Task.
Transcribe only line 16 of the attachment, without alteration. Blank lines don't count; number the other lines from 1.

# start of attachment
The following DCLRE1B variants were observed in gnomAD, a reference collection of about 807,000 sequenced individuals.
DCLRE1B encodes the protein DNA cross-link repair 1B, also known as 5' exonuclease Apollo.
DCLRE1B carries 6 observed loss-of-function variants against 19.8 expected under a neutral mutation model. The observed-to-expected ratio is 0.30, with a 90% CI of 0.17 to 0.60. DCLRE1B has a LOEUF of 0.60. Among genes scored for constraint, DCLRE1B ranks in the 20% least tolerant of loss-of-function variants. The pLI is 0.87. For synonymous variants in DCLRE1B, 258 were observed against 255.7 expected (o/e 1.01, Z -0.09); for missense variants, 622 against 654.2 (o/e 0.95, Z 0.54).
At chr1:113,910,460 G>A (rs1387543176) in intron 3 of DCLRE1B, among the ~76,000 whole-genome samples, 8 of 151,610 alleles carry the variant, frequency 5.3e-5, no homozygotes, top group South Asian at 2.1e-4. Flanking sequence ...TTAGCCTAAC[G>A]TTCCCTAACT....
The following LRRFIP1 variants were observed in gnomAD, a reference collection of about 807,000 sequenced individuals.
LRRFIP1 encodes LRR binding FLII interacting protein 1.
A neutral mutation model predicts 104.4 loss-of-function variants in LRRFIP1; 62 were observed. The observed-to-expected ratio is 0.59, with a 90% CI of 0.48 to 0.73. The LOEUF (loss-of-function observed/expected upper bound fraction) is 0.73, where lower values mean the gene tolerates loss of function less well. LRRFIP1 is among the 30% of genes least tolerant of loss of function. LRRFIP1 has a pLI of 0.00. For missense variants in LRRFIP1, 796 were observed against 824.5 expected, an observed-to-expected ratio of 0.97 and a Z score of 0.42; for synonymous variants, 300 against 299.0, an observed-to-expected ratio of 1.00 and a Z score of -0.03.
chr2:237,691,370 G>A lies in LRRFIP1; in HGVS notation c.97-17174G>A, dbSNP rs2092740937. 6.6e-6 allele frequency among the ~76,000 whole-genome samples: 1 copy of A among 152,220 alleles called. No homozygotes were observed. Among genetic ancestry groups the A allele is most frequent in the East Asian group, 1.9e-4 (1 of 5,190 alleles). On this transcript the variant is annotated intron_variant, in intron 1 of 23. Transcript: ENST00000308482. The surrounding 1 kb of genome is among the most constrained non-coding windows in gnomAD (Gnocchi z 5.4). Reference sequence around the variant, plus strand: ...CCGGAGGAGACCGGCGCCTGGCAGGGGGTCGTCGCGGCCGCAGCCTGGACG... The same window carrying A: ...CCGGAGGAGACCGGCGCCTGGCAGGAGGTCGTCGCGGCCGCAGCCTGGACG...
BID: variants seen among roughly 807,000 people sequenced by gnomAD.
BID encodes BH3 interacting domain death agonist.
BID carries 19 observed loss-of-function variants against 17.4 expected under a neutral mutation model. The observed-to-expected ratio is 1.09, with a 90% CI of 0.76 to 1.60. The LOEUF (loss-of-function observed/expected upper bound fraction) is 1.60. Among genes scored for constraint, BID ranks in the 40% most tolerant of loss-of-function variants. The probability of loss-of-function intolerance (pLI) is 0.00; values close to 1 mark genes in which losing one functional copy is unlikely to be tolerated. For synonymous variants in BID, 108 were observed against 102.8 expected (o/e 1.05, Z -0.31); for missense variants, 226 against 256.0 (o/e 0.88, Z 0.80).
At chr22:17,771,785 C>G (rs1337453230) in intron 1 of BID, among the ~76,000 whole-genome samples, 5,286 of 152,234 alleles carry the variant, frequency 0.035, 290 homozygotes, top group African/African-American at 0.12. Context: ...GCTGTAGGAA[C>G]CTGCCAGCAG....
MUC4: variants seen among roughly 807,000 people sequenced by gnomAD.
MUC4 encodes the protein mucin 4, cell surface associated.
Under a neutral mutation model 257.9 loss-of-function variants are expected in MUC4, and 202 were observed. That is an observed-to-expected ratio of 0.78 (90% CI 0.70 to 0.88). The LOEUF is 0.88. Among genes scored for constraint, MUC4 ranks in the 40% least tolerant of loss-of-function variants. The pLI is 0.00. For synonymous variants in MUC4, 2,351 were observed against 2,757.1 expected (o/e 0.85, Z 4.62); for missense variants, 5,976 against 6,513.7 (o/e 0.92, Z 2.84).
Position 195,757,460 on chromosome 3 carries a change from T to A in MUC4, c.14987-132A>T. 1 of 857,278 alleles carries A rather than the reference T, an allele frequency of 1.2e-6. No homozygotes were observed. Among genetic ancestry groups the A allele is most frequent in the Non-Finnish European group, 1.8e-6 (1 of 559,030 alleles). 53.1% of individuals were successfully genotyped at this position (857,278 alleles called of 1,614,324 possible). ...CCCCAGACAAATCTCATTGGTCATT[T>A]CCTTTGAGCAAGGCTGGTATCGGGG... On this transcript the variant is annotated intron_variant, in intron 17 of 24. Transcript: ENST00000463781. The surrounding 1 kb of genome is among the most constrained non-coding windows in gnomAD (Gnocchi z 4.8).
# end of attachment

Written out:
Position 195,757,460 on chromosome 3 carries a change from T to A in MUC4, c.14987-132A>T. 1 of 857,278 alleles carries A rather than the reference T, an allele frequency of 1.2e-6. No homozygotes were observed. Among genetic ancestry groups the A allele is most frequent in the Non-Finnish European group, 1.8e-6 (1 of 559,030 alleles). 53.1% of individuals were successfully genotyped at this position (857,278 alleles called of 1,614,324 possible). ...CCCCAGACAAATCTCATTGGTCATT[T>A]CCTTTGAGCAAGGCTGGTATCGGGG... On this transcript the variant is annotated intron_variant, in intron 17 of 24. Transcript: ENST00000463781. The surrounding 1 kb of genome is among the most constrained non-coding windows in gnomAD (Gnocchi z 4.8).